Childhood Terror: Afraid of the Dark, Afraid of the Light

Welcome back, dear readers.

Consider this a continuation in the series of spooky, scary stories I’ve written in the last few months. Tonight, we focus on the one nearly universal fear: darkness.

As a child I, like many other children, was afraid of the dark. I blame my overactive imagination coupled with an early exposure to horror movies. The mind can play tricks in the mind of a child, and shadows are warped into ghoulish beasts or horror movie killers.

The night light was security. The blackness of the room seemed much more welcoming with the gentle yellow light from the wall socket bathing whatever was close.

Until Halloween, that is.

The 1990s saw a time before the Internet’s widespread presence and ease of access. As such, my early school years were full of videos produced before I started walking. None of these videos is as prevalent still as the Halloween safety video I watched in second grade.

We’re going to ignore the fact that the cutting edge of safety information came from a VHS that was, at this point, nearly 15 years old. The safety tips in the video are still taught today, but there’s something oddly hilarious about the amateur voice work and mix of animated and live-action segments. But I digress.

The real point of this video comes at the 13:40 mark. The ghost pops up, chides the talking pumpkin for his disbelief in ghosts, then extinguishes the fire inside the pumpkin, effectively killing it.

Seven year-old me was TERRIFIED. It haunted me and stuck with me for a year, until we saw the same video in third grade. This time I knew it was coming and averted my eyes when it came on screen.

Upon returning home and being ready for bed, I flicked on the night light and crawled under the covers. For some reason, I happened to glance up to the ceiling and for the first time saw the light projected onto the ceiling.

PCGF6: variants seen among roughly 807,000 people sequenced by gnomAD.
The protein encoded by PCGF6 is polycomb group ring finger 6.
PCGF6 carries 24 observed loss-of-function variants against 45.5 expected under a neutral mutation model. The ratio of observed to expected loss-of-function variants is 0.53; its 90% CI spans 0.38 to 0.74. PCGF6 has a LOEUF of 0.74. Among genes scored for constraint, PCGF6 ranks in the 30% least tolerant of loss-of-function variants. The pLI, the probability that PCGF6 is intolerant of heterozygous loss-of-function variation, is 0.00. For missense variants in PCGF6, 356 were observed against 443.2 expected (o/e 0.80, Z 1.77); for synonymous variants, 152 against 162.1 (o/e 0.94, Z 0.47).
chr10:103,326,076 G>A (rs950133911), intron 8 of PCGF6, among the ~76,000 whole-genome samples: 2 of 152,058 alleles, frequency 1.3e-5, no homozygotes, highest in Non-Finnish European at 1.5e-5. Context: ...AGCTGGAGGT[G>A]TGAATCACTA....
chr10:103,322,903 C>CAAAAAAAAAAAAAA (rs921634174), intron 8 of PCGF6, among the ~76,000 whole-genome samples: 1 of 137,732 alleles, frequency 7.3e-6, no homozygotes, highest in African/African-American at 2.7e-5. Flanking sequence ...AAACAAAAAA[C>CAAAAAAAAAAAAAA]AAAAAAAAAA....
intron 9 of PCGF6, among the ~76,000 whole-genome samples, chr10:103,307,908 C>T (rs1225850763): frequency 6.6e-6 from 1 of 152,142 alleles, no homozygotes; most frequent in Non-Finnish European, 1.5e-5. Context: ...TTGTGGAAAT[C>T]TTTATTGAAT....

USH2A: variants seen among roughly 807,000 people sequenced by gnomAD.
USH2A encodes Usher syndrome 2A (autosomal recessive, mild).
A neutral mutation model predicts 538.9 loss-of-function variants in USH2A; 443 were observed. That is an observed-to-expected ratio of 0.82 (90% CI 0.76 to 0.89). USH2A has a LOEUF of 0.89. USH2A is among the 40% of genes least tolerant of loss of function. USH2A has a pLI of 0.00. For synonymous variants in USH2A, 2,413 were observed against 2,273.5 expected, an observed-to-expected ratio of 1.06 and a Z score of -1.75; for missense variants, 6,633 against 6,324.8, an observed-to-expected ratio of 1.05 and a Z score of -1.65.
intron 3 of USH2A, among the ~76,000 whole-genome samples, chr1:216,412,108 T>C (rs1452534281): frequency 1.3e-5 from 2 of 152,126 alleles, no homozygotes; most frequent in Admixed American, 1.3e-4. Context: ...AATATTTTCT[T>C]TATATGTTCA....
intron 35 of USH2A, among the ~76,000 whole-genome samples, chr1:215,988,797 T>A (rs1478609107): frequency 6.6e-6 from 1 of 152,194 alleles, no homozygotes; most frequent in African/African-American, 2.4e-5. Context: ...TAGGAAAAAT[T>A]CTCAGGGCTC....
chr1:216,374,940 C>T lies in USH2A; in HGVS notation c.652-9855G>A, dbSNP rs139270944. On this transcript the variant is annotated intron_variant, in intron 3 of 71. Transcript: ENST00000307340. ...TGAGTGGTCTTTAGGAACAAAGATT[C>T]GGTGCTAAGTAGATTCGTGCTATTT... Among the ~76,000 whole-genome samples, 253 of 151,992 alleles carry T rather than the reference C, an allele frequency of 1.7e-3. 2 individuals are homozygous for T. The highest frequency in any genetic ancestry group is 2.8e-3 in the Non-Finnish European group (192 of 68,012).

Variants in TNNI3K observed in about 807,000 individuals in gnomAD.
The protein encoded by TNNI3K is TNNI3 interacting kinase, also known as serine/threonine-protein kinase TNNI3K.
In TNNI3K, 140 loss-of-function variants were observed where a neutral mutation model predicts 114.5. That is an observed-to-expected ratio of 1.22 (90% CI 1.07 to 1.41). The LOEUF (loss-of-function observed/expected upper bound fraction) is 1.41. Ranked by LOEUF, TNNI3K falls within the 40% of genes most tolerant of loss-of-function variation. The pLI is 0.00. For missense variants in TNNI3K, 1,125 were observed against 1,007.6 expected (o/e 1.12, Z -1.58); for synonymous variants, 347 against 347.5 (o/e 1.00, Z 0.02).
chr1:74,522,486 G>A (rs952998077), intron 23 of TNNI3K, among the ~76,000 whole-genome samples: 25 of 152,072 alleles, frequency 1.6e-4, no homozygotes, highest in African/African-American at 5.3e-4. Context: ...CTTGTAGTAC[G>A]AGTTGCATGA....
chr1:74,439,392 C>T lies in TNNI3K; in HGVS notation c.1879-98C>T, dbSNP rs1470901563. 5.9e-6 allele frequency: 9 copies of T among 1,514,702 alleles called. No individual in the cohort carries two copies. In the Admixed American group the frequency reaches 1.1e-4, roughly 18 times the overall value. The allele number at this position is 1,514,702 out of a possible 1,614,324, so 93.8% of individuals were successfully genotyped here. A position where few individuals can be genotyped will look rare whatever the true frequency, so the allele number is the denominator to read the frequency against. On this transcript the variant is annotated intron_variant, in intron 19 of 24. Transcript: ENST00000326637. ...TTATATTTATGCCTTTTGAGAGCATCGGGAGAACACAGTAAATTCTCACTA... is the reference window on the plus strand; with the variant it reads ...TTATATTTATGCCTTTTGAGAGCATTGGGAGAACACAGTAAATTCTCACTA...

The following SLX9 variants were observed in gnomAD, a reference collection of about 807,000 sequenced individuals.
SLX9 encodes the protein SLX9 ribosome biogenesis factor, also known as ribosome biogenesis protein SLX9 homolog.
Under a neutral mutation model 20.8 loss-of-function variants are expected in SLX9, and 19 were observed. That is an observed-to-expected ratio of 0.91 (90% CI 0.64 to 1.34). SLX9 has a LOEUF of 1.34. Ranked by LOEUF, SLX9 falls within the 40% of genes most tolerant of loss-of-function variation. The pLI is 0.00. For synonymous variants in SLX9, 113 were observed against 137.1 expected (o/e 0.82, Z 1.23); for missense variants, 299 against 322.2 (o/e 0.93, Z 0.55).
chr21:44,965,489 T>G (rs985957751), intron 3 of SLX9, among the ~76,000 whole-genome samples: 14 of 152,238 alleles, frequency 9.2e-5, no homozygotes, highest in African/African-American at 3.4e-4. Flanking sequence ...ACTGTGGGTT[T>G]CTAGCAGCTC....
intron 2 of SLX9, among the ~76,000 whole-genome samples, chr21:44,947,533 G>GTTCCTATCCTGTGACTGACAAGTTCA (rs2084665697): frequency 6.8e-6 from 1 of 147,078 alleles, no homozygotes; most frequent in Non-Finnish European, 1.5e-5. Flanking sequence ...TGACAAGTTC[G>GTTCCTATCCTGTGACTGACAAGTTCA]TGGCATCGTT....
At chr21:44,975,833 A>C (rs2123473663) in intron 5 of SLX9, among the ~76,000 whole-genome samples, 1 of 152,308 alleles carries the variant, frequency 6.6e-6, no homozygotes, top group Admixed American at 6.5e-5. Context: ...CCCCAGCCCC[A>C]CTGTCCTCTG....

To me, the light looked alarmingly like the ghost from the video. I felt stuck, forced to choose between a dark room and knowing the ghost would watch me in my sleep.

This would mark the first moment I made an adult decision between two bad options. I got up, turned the light off and tried to go to bed. The morning came and I awoke to find myself still in bed, alive and well.

I thought of this story this evening, and I’m not sure why. I think the message is one about making tough choices between seemingly difficult options. Or maybe it’s about how we’re sometimes motivated by unlikely events or persons (or apparitions).

Or maybe, just maybe, it’s about the importance of updating Halloween safety videos every decade.

About mortkaj

26 years old, writing about whatever catches my interest.
This entry was posted in Horror, Short Writing and tagged , , , , . Bookmark the permalink.

1 Response to Childhood Terror: Afraid of the Dark, Afraid of the Light

  1. Dan Hagen says:

    Enjoyed your essay, Jackson. Too bad we didn’t get a chance to do the feature writing class together.

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